Stephen King’s cast of characters is vividly and firmly drawn, a familiar mix of wholesome youngsters gone bad, feuding neighbours, eccentric old timers etc, whereas Campbell’s – at least the four main protagonists – are a little indistinct and interchangeable, not helped by their (entirely plausible but bland) names: Peter Priest, Robin Laurel, Steve Innes and Jimmy Waters. As adults, all four of them lead successful but somewhat tortured existences (Peter is a social worker, Steve an estate agent, Jimmy a police officer and Robin a doctor), all make strange, inconsistent and illogical decisions and can be a little irritating. Where Campbell really excels though is in the antagonists; not larger-than-life supernatural forces of evil like Leland Gaunt, but believable, intensely annoying and depressing people like Robin’s unbearable senile mother and the sinister but ultimately just petty and small-minded brother of one of Peter’s clients.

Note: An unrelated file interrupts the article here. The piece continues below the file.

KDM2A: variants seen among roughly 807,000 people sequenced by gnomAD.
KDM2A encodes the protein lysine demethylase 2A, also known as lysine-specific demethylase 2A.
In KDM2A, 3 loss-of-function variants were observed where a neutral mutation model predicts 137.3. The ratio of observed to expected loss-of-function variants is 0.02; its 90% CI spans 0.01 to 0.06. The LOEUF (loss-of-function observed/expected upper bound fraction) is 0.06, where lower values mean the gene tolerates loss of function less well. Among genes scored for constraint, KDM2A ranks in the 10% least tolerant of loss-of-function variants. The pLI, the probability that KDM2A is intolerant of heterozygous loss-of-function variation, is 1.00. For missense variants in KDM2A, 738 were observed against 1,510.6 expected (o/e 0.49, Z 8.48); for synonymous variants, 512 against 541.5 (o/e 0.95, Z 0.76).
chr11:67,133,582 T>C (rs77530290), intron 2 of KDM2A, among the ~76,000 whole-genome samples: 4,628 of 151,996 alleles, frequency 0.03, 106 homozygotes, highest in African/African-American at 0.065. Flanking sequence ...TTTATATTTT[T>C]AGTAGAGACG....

In keeping with its broad, movie-like feel, Needful Things gives us (relatively) clear dividing lines between good and evil, and shows us the tainting of one by the other, personal gain taking precedence over empathy, but Obsession has no real sense of good and evil at all. None of the main protagonists initially acts out of purely selfish motives, and few of the horrors that happen do so because anybody really means any serious harm. The main characters never seem to fully grasp the bigger picture of what is happening to them or why, and neither, in the end, does the reader. In Needful Things, implausible things happen and the reader, immersed in the story, makes the required suspension of disbelief. In Obsession, whether intended or not, the everyday action – small town dramas involving rival estate agents(!), romantic relationships, sci-fi conventions and drug smuggling – feels as peculiar and implausible as any of the perhaps-supernatural occurrences.